Top Pakistani General Zubair Mahmood Hayat’s talk on ‘The BRI, China and South Asia in the emerging global order

Shanghai: In a recent seminar on “Emerging Global Order – A Strategic Perspective organized by the Institute of International Studies at Fudan University (IIS Fudan) and Co-organized by Pakistan Study Centre at Fudan University (PSC Fudan),” General Zubair Mahmood Hayat delivered a keynote speech. General Hayat played a key role in shaping Pakistani military and security policies, particularly in the areas of counter-terrorism and nuclear deterrence.

He identified five critical elements defining the current global order. He reiterated that this is the defining moment for human civilization, global governance, and the notion of the Nation States, global security, political conception, and Homo sapiens to be precise. The global order is transforming from the shores of the Atlantic to the coasts of the Pacific turning the tides of history from West to Asia on the fulcrum of China. Quoting Henry Kissinger, General Hayat, The center of gravity of world affairs has moved Indo-Pacific region. He pointed out that Europeans are facing an identity crisis, there is an economic renaissance in Africa, and Afghanistan.

There is a rush for critical resources, rapid militarization, and the militarization of space. In the information domain, he described it as a “fake news world” and a “post-truth world,” where misinformation and disinformation challenge traditional narratives and influence global politics immensely.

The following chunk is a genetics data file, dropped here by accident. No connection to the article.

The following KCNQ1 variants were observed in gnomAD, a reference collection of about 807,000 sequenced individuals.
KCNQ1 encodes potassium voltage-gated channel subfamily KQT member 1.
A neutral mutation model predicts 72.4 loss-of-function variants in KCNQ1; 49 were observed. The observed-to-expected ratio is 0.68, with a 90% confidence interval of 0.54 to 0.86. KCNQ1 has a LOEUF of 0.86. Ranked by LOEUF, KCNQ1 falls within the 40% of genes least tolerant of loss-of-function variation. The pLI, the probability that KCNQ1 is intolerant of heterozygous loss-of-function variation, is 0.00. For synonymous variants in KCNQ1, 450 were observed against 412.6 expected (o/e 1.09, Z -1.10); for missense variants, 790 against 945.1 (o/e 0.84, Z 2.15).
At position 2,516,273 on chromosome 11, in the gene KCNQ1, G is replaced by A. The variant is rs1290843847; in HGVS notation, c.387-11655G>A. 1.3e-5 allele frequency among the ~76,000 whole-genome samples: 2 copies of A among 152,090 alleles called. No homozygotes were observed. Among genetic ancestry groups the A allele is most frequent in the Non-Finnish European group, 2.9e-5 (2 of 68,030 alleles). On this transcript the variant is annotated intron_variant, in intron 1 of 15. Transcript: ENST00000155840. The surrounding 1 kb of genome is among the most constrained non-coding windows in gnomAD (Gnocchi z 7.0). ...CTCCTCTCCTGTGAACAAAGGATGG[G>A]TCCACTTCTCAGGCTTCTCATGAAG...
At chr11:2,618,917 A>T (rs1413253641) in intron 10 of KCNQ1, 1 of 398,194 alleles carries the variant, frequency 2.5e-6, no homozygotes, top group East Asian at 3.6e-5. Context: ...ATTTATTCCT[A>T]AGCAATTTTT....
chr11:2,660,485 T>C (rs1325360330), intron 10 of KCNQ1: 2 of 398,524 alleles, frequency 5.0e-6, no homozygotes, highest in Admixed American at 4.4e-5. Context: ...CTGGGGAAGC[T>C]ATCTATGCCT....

One of the central theme of his presentation was a prescriptive concept of ‘change the game, for that ‘One must play the game’ referring to BRI a pivotal factor in global economic development. The period from 2025-2035 will be decisive, with middle powers expected to play increasingly significant roles in influencing global dynamics. In the South Asian context, he pointed out that India is “the elephant in the room”, noting a transition from secular to an “extreme ultra-right, Hindutva-driven leadership.” India’s heavy-handedness towards smaller neighbouring states is real. India should not consider itself as a big power rather it should act as an emerging great power that creates a mutually beneficial regional order rather than an enhanced threat perception influencing the security dilemma of smaller nations.

As the former Director General of the Strategic Plans Division (SPD), which oversees Pakistan’s nuclear weapons program, General Hayat claimed that Pakistan had developed nuclear capability by the early 1980s. He states that no nation in history has possessed nuclear capability without testing it for such a long time. However, Pakistan refrained from testing its nuclear weapons for several reasons, including strategic restraint and that there was no motivations of power or prestige.

He argued that India’s actions in May 1998, when it conducted a series of nuclear tests, significantly altered the strategic balance in South Asia. This act exerted pressure on Pakistan to demonstrate its own nuclear capability in order to restore balance and create a strategic stability equation. The nuclearization of the Himalayan region has significant implications for regional security and stability making it a nuclear flashpoint.

The seminar provided a comprehensive overview of the shifting global order and the strategic dynamics in South Asia, with General Hayat’s insights offering a crucial perspective on the future of global politics and security.




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